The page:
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Collier County Traffic Fatalities -- Maps, Database
Last of a three-day series
Across the country, the signs of loved ones lost are everywhere, from crosses placed by the American Legion in Montana to South Dakota’s diamond-shaped “Why die?” signs to Florida’s round, personalized “Drive Safely” markers.
Although federal law prohibits placing makeshift memorials, or anything else, in the right of way on its highways, states are permitted to legislate their own policy on signs marking fatalities.
Debbie Tower, spokeswoman for the Florida Department of Transportation, said Florida’s tribute signs were deliberately designed to be homogenous in 1997.
“We created a design that was non-denominational for obvious reasons,” she said, of the round, 15-inch-diameter aluminum signs on 5-foot poles. “We were sensitive to that. People are appreciative of the remembrance.”
Fifty-two of the Sunshine State’s memorial markers are posted along Collier County state and federal highways.
The markers feature a white background and black letters reading, “Drive Safely, In Memory,” followed by the deceased’s full name.
Requests for memorial markers may be made by immediate family members or friends, with requests from friends requiring the approval of the deceased’s immediate family.
Tower said it is up to each district’s operations manager to determine whether and where to place a memorial marker.
Sometimes the markers aren’t placed at the exact location of the fatality, due to restricted space, safety concerns, property owner complaints or other constraints. The department installs markers only on designated state roads and doesn’t have the authority to place them on city or county roadways.
Memorial markers will not be erected where they are prohibited by the local governmental entity.
“The field manager has to decide if it’s too close to an intersection or sidewalk or utilities,” she said. “People were putting markers in completely inappropriate places. In North Fort Myers, I remember that someone anchored a cross in the ground with a 10-gallon can of cement. Obviously, that didn’t meet specifications.”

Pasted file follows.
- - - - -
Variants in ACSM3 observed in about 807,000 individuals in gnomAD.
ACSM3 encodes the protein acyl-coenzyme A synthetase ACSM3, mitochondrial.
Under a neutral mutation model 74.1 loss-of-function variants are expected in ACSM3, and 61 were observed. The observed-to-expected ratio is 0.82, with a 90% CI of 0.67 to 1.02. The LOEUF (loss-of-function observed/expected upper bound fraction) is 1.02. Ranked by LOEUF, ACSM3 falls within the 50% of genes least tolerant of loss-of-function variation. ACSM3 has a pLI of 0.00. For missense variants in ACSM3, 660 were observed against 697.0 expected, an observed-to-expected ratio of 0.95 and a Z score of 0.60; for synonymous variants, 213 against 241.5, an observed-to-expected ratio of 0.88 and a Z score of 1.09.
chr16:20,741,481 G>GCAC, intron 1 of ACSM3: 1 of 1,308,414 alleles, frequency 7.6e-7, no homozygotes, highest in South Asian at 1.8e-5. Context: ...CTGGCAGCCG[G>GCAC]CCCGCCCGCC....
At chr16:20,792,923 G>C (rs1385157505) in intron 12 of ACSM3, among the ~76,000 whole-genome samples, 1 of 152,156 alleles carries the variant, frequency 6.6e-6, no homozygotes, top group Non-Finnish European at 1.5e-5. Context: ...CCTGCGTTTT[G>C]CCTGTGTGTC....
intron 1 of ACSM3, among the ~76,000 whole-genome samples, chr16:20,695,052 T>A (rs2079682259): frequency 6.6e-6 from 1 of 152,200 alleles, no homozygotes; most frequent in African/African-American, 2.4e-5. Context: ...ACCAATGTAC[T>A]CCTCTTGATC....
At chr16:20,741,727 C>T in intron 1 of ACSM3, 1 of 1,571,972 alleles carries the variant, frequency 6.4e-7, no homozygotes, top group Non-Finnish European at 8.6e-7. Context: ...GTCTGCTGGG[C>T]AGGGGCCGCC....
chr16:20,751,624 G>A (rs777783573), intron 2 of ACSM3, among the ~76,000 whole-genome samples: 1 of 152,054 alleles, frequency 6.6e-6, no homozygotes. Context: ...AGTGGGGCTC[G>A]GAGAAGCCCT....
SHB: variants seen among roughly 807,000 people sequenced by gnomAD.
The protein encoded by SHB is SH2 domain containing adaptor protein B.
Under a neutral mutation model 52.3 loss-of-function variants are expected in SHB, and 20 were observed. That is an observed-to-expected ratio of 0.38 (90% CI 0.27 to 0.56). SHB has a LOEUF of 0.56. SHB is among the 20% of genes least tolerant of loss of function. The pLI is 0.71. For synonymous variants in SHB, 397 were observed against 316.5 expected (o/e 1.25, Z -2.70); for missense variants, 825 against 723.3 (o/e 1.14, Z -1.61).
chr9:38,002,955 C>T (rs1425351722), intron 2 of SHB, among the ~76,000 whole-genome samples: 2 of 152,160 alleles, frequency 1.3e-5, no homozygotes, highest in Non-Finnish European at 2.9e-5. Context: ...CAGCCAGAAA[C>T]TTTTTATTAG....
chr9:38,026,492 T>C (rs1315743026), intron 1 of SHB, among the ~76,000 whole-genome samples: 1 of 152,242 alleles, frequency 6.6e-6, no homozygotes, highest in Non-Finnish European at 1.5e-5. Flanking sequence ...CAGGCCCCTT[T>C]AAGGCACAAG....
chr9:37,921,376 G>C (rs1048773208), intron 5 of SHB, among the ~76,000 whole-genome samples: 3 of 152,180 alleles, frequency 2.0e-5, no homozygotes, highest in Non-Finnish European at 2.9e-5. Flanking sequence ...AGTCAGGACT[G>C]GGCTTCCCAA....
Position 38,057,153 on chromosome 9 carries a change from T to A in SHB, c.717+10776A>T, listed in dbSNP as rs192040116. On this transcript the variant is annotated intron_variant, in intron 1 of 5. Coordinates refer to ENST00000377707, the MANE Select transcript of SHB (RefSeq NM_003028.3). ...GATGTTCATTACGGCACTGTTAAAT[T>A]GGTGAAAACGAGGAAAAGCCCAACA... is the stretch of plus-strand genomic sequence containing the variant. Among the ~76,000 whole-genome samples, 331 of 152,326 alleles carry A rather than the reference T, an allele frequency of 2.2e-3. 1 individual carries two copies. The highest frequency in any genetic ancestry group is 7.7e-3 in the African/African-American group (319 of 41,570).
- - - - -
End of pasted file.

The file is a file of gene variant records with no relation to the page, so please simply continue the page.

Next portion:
To avoid people taking such measures into their own hands, the state not only approves locations, but pays for the creation and installation of the markers, which are manufactured at a DOT sign center.
“It’s a relatively inexpensive program,” Tower said. “We work smart. Our maintenance crews can install them very quickly, but we do it as a part of regular work assignments in an area.”
For that reason, there may lag time of up to two months from approval of a request to installation, said Stu Myer, a DOT roadside specialist.
Myer recommended those wishing to have a marker established for a loved one make their request within two years of the fatality. Under state policy, the marker remains at the site for one year unless it has to be moved for construction or maintenance.
He said families can request that the sign stay up longer, but approval depends on several factors.
“If we left all those signs up forever, we’d have polka dots up and down the highway,” Myer said.
Collier County has no policy regarding standardized memorials on local roads, but transportation agency spokeswoman Connie Deane said placing homemade tributes in the right of way isn’t permitted.
While the “Drive Safely” portion of Florida’s memorial markers is relatively easy to read, the names of the fatality victim can be difficult to read from the roadway without slowing down.
Tower warns drivers not do that, adding that decoration of the signs is also discouraged for safety reasons.
“We worry a lot about untrained people working in the rights of way. We had so many instances of people pulling off the highway to place memorials at the scene of fatal car accident that it became a hazardous situation,” she said. “We recognized that people wanted to remember loved ones lost and also remind people to drive safely.”
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